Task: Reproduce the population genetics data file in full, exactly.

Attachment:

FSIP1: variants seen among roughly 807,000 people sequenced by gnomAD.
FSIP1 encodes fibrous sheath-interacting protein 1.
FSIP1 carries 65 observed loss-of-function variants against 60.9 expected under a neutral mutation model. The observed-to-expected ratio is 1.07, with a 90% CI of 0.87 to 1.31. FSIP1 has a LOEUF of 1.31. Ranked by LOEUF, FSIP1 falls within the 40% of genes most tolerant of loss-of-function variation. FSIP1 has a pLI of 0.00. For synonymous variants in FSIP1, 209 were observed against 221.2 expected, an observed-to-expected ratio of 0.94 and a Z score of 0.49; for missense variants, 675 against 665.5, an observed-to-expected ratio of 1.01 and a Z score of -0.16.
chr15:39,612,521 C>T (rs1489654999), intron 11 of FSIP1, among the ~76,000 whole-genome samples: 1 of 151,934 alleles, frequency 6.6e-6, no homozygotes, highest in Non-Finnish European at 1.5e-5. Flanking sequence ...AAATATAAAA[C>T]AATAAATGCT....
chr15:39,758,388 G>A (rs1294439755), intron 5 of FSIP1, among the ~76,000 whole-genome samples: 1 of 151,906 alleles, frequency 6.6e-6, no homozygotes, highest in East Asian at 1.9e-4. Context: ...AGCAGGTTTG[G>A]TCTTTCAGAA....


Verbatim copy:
FSIP1: variants seen among roughly 807,000 people sequenced by gnomAD.
FSIP1 encodes fibrous sheath-interacting protein 1.
FSIP1 carries 65 observed loss-of-function variants against 60.9 expected under a neutral mutation model. The observed-to-expected ratio is 1.07, with a 90% CI of 0.87 to 1.31. FSIP1 has a LOEUF of 1.31. Ranked by LOEUF, FSIP1 falls within the 40% of genes most tolerant of loss-of-function variation. FSIP1 has a pLI of 0.00. For synonymous variants in FSIP1, 209 were observed against 221.2 expected, an observed-to-expected ratio of 0.94 and a Z score of 0.49; for missense variants, 675 against 665.5, an observed-to-expected ratio of 1.01 and a Z score of -0.16.
chr15:39,612,521 C>T (rs1489654999), intron 11 of FSIP1, among the ~76,000 whole-genome samples: 1 of 151,934 alleles, frequency 6.6e-6, no homozygotes, highest in Non-Finnish European at 1.5e-5. Flanking sequence ...AAATATAAAA[C>T]AATAAATGCT....
chr15:39,758,388 G>A (rs1294439755), intron 5 of FSIP1, among the ~76,000 whole-genome samples: 1 of 151,906 alleles, frequency 6.6e-6, no homozygotes, highest in East Asian at 1.9e-4. Context: ...AGCAGGTTTG[G>A]TCTTTCAGAA....